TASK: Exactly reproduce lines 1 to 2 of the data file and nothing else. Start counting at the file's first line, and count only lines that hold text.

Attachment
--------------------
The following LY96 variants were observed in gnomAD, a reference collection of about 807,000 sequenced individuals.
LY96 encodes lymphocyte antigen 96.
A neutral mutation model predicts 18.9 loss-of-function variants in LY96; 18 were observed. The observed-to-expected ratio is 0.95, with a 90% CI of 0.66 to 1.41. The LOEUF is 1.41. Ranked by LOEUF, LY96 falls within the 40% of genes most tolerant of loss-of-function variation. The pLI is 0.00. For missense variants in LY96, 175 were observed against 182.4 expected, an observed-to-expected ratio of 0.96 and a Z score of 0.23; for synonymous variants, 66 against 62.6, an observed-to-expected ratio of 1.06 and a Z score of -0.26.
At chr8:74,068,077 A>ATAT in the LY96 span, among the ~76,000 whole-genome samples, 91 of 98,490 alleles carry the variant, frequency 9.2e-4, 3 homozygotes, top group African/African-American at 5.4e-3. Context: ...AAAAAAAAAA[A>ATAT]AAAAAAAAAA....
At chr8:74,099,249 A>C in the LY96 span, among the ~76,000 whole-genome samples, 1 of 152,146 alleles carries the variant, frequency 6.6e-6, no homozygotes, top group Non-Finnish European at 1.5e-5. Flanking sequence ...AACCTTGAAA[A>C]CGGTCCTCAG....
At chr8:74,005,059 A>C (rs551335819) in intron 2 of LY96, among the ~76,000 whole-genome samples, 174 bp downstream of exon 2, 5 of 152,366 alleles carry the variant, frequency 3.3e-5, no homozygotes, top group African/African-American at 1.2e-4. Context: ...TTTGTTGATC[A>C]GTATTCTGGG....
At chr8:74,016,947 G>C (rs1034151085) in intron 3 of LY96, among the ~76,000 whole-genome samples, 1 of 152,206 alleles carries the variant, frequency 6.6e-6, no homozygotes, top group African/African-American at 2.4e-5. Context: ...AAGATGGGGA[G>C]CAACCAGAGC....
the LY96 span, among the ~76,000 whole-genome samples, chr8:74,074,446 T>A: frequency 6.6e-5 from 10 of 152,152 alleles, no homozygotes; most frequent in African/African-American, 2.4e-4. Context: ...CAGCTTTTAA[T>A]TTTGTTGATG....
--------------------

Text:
The following LY96 variants were observed in gnomAD, a reference collection of about 807,000 sequenced individuals.
LY96 encodes lymphocyte antigen 96.